Blooming Woolfest planned for June

Woolfest 2018 (Friday 22 and Saturday 23 June 2018) at Cockermouth promises to be “blooming” marvellous with wool flowers all over the show as the popular event falls within British Flowers Week. As well as woollen flowers filling the Small Ring at Mitchell’s Lakeland Livestock Centre as part of a fundraising project with West House, this year’s Memorial Stallholder continues the flower theme as Izzy Middleton’s business name is Wildflower Weaver.

The original British festival of wool, Woolfest is now in its fourteenth year and it regularly attracts over 5,000 visitors to Cumbria from across the UK and beyond. Woolfest 2018 will feature over 150 different stalls, including about 20 livestock stands, and Mitchell’s promises to be transformed with colour.

“Wool crafts and creativity are as popular as ever,” says Jean Wildish, a member of The Wool Clip at Caldbeck and one of the organisers, “and Woolfest continues to attract the best of wool craft businesses, designers and makers to Cumbria. With additional exhibitions, events in the two Rings, local music and dance, food and drink and one of the biggest bouquets of woollen flowers ever, it is looking like another varied and inspiring Woolfest.”

Floral connections

In the past, Woolfest has celebrated the skills and enthusiasm of its visitors by involving them in a project. The bunting that decorates Mitchell’s each year was created from donated pennants and £1000s were raised for Farm Africa by auctioning wool crafted sheep of all shapes, breeds and sizes made specially for Woolfest.

For 2018, visitors are being asked to create flowers in wool – knitted, crocheted, felted and sewn, even pompom-ed – and to bring these along to the event. In a partnership with local charity West House, the flowers will be collected, displayed and then sold or used by the charity in its cafés in Keswick, Whitehaven and Workington and its garden shop in West Cumbria.

“This is a good chance for us to promote our work with disabled young people and adults,” says West House Fundraiser, Emma Robinson, “and to get involved in a local event that’s close to the hearts of many of our team. We’re not quite sure of what to expect in terms of quantity of flowers but we’re anticipating some stunning examples that may be sold separately while others may be put together as bouquets or used in our cafés. Above all, we’re looking forward to meeting lots of Woolfest visitors!”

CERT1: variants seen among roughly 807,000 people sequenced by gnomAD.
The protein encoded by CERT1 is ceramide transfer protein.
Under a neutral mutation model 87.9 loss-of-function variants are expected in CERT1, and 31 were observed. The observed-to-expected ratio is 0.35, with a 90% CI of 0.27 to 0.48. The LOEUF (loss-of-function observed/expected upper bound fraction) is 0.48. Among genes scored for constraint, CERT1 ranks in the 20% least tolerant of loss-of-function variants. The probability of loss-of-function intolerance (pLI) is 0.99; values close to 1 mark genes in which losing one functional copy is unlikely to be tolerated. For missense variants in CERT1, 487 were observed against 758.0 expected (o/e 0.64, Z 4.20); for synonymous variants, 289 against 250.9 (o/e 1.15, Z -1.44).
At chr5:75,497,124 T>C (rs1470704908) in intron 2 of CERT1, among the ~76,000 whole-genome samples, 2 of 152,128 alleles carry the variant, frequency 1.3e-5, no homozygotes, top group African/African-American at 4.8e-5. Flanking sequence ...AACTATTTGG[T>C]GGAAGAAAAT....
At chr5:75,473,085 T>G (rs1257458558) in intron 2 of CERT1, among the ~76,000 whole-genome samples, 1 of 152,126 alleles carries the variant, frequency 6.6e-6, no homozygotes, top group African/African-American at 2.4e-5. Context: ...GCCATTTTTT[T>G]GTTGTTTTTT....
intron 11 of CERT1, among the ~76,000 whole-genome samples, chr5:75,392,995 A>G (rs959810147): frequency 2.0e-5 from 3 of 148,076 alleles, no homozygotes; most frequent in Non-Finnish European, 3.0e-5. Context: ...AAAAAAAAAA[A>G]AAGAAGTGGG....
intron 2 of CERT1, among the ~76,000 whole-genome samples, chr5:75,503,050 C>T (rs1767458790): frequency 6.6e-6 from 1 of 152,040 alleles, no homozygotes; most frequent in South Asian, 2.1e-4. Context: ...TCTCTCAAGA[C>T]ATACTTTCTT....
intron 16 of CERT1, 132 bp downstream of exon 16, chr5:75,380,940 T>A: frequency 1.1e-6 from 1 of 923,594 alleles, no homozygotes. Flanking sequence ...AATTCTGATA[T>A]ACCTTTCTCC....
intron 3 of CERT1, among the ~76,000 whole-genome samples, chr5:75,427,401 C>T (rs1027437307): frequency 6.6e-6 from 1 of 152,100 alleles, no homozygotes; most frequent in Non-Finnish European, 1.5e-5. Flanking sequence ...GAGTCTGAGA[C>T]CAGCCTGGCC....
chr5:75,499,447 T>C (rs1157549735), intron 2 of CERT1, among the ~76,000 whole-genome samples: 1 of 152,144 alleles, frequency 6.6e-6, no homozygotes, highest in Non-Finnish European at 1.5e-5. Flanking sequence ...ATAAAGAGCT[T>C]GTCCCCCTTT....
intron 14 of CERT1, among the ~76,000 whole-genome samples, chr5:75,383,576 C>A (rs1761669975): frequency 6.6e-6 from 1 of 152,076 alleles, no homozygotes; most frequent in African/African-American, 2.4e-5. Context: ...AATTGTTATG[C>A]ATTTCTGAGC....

Memorial Stall in its twelfth year

Each year, a young wool-related business is offered a stall free of charge at Woolfest in memory of one of the event’s founders, Carolyn Rawlinson. This year, the Carolyn Rawlinson Memorial Stall is going to Izzy Middleton, otherwise known as the Wildflower Weaver, who is based at Farfield Mill near Sedbergh and is already building a reputation for her approach to weaving, sustainability, recycling and unusual plant fibres.

“I was previously a florist, hence the Wildflower Weaver name,” says Izzy, “and I started weaving just three years ago. I’ve since discovered that it is a strong family connection as my paternal grandfather was a textile designer and my maternal great grandmother was one of the first women to weave georgette at a mill in Preston. There’s a lot to learn about cellulose or ‘bast’ fibres such as hemp, bamboo, peppermint and nettles but they are fascinating to work with and a challenge for spinning, dyeing and weaving. I also follow the ‘Slow Cloth Philosophy’ and am part of the Green Cloth Collective, working with vegan fibres, recycling yarn from other garments and upcycling textiles into new scarves and shawls.”

“After the surprise of the invitation to Woolfest, I’ve had to plan quickly for woven stock and ideas for my stall. I am really looking forward to it and very grateful for the opportunity to share my enthusiasm for spinning, weaving and plant fibres with other craftspeople.”

Animal magic

Woolfest is known for its wide range of local and rare breeds, fleece animals and raw fleece – the roots of all things wool. Over 20 different breeds of sheep, goats, alpacas and rabbits will be on show along with 100s of fleeces from different breeds.

“The daily Rare Breed Parade in the Main Ring is a highlight for many Woolfest visitors,” says Alice Underwood, an enthusiast for British breeds and another member of The Wool Clip. “Visitors have a chance to see lots of different animals and to talk to their breeders – the livestock area is known for its enthusiasm! And the raw fleece sale is hugely popular as it’s such a rare opportunity to buy fleece direct from the farmer. Over 400 fleeces were sold at Woolfest last year and it’s always good to see what our visitors have created from their past purchases.”

Practical details

Further details of all aspects of Woolfest 2018 are on the website at www.woolfest.co.uk.

Woolfest 2018 takes place on Friday 22 and Saturday 23 June from 10am when the event takes over Mitchell’s Lakeland Livestock Centre in Cockermouth for those two days.

Entry is just £10 per day (including full programme) or £15 for a two-day ticket with free entry for accompanied children and free parking. Directions, details and online ticket ordering can be found at www.woolfest.co.uk or via social media channels.

08_izzymiddleton.jpg Izzy Middleton